Be like a tree.
Connect with your roots.
Turn over a new leaf.
Bend before you break.
Enjoy your unique natural beauty.
I love trees, in particular I love to enjoy their majesty as they stretch skywards, witness their dark silhouettes against the evening sky, marvel at their changing form as seasons change around them or listen to the soft rustle of their leaves swaying in a summer breeze. I love their individuality, their strength and their diversity.
Many people remember a favourite tree from childhood. My favourite was a tall oak which provided a perfect hiding place for secret childhood meetings and which even had its own swing – a branch which we children grabbed ‘Tarzan-like’ and used to propel ourselves across a small pond.
At the time I wasn’t aware of the unique and important role that trees play in our human existence, and indeed the role they have played in the history of mankind. An awareness of the real significance of trees as habitats and life givers was brought home to me years later when a drive to ‘develop' land saw the felling of hundreds of native trees in my local area, including my beloved oak. I think this action was the beginning of my desire to support tree life in all its various forms and while I may not exactly consider myself to be a ‘tree hugger’ I have taken an interest, throughout my career, in raising awareness of the importance of protecting our trees. I have regularly taken groups of students to study and support biodiversity in an effort to understand the importance of trees in our world ecosystem, and have encouraged tree planting and care of the trees around us. To read that eighty per cent of the Koala habitat has been destroyed in the recent Australian Bushfires brings home very clearly once more how important trees are to the survival of our planet.
Tree Planting Day 2020
It is heart-warming to know that groups of concerned volunteers are gathering in different places this weekend as part of tree planting day (Feb 15), when hundreds of native Irish tree species will be planted in an effort to rebuild our stock of native trees and thereby restore a valuable aspect of our biodiversity. Far from being a hindrance to making land more productive, the growing of native trees can support soil improvement, provide shelter for animals and become a thriving habitat for many living creatures as well as supplying an important part of the food chain. Below are just two links to events happening on the day.
Although it is far from their main purpose, trees do make great photography subjects. They look good singly or in groups, they evoke the mood of a particular season and they lend themselves to being shot from different perspectives, happy to allow their trunk, their branches or their leaves to tell their story and reveal their essence. After all, when taking a portrait of a person we don’t always take the whole person; sometimes we focus on the upper body or sometimes the face and it is the same with a tree.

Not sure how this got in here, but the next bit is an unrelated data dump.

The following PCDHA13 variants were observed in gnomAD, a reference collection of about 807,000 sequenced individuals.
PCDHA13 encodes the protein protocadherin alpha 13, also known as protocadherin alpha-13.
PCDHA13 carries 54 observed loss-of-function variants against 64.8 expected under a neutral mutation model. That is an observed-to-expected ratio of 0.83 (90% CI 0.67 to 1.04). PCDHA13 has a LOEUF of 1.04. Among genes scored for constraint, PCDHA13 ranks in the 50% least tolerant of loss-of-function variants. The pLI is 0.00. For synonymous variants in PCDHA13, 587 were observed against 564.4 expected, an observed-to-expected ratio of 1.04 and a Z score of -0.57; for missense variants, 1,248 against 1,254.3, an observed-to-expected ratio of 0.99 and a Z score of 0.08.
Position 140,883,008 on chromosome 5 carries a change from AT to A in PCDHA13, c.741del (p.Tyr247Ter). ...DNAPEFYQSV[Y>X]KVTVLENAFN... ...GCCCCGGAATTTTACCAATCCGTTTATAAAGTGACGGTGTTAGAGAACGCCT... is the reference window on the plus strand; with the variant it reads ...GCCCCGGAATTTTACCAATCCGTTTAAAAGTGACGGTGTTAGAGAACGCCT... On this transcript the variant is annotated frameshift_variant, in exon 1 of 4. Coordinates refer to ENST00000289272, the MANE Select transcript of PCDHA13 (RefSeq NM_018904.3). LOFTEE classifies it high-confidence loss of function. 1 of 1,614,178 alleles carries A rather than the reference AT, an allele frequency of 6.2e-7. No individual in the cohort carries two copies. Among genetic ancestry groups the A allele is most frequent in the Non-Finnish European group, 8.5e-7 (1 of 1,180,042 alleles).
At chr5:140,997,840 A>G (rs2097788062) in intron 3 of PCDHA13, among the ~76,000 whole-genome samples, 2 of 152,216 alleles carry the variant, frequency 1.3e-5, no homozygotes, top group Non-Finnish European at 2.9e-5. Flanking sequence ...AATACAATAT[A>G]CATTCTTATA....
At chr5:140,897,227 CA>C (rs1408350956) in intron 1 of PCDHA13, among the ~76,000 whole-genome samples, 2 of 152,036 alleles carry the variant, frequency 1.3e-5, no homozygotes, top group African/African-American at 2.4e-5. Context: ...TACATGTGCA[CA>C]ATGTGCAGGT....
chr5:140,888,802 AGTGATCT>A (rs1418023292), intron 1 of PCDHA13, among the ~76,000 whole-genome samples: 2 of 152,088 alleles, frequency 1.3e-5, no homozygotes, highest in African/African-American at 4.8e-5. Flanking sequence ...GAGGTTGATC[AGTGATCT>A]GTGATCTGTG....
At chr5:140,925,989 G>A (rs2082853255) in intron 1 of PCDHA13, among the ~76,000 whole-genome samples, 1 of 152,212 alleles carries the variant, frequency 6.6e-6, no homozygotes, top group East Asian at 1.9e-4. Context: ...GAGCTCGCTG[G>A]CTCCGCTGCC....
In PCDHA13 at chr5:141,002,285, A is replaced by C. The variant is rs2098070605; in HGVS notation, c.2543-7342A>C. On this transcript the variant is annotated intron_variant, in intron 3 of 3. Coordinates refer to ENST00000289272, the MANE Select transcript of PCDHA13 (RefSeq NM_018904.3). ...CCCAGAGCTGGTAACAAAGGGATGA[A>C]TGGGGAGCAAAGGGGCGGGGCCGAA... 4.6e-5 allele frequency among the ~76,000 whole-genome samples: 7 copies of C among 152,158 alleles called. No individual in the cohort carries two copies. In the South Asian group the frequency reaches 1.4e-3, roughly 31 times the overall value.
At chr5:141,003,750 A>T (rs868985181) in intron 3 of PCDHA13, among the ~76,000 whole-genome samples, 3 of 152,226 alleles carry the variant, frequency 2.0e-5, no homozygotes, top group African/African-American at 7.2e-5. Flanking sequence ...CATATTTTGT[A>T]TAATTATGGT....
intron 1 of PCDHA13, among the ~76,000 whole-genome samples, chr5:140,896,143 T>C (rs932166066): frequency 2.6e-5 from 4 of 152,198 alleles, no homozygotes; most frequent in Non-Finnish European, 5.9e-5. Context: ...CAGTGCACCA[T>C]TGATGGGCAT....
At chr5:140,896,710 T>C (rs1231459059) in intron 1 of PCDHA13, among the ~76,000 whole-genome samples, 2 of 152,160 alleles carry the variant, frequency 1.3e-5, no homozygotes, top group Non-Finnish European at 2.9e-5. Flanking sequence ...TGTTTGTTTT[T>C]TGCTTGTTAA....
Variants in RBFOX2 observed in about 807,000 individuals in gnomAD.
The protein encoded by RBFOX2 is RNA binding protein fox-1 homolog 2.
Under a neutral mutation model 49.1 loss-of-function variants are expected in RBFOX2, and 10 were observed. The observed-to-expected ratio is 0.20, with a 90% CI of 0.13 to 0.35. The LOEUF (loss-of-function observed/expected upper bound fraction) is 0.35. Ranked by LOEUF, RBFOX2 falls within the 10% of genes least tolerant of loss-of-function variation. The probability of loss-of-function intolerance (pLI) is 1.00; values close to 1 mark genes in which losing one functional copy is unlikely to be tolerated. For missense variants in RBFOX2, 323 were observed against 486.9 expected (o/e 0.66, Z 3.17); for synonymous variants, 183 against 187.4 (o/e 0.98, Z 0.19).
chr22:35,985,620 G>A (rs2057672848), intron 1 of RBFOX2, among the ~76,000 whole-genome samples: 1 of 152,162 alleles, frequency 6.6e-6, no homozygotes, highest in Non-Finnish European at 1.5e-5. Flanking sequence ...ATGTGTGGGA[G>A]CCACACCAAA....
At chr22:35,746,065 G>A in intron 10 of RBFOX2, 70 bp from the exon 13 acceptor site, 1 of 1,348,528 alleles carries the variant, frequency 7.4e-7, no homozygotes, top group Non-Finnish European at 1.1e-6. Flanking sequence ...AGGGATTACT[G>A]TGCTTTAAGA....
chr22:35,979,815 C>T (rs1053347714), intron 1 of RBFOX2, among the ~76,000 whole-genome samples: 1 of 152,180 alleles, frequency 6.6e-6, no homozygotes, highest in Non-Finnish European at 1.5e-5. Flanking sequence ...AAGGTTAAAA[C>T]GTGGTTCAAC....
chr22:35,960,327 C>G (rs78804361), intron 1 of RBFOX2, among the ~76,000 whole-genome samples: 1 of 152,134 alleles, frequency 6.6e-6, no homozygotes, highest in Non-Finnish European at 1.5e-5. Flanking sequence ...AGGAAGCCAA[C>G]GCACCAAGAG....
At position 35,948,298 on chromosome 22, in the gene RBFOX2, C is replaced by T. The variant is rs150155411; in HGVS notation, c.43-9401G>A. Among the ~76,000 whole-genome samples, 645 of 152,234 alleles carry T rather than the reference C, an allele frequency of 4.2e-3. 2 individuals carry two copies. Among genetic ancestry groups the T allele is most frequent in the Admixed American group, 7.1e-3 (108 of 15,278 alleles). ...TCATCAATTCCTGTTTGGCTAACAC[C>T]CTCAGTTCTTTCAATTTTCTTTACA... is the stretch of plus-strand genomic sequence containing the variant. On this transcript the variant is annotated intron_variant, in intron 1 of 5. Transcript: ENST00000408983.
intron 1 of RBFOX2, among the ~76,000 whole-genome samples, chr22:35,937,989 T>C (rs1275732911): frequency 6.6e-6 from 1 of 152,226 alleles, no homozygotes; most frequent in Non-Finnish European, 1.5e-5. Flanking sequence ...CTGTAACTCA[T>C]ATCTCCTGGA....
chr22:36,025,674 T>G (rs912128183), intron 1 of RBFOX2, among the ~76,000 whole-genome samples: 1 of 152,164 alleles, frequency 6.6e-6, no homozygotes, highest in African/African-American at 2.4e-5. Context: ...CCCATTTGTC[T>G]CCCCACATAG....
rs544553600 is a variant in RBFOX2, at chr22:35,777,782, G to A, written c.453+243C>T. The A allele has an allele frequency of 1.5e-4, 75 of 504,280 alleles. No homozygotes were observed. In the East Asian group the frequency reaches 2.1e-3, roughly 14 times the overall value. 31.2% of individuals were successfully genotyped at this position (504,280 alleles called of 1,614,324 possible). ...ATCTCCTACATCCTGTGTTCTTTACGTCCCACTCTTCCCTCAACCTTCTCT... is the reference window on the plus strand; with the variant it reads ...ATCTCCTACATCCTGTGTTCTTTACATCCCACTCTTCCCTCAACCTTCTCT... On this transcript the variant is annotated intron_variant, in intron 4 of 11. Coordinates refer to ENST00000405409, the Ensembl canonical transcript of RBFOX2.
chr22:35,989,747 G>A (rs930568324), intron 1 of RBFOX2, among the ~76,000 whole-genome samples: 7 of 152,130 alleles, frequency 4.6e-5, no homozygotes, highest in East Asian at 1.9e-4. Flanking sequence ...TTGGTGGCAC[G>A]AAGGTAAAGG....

“Let’s take our hearts for a walk in the woods and listen to the magic whispers of old trees.” ― unknown
Whenever I walk in a wooded area I just have to take another tree image even though I may have dozens of such images already. They just seem to call out to have their portrait taken!
However, a National Geographic article warns: “Trees are willing subjects but don’t be fooled - to create a compelling photograph you need to take time to get to know them”.
I feel lucky to live in a country that has beautiful native trees plus many imported species that add their own particular beauty to our landscape. As subjects for photography they provide an unending source of inspiration, yet as I begin to photograph more trees I realise that it is not as easy as it might appear to get a good photograph that does justice to my subjects. One photography writer talks of seeing trees as characters in a play, with one being the leading actor while the others play supporting roles or act as interesting props. Thinking of trees in this way can improve the composition of the image as it encourages us to think carefully about the scene rather than just snapping randomly. When we decide which tree is the leading actor we place that tree centre stage with the other trees placed around it. Other supporting actors can be shadows or sunlight coming through the branches.
Sometimes trees can be used to frame another subject or to 'shoot through'.
They make great subjects for reflection photographs
Sometimes we might want to draw attention to certain features of a tree
Light and the way it hits the tree is also an important consideration
And of course tree silhouettes can really reveal the majesty of trees
“The best time to plant a tree is twenty years ago. The second best time is now.” ― Chinese proverb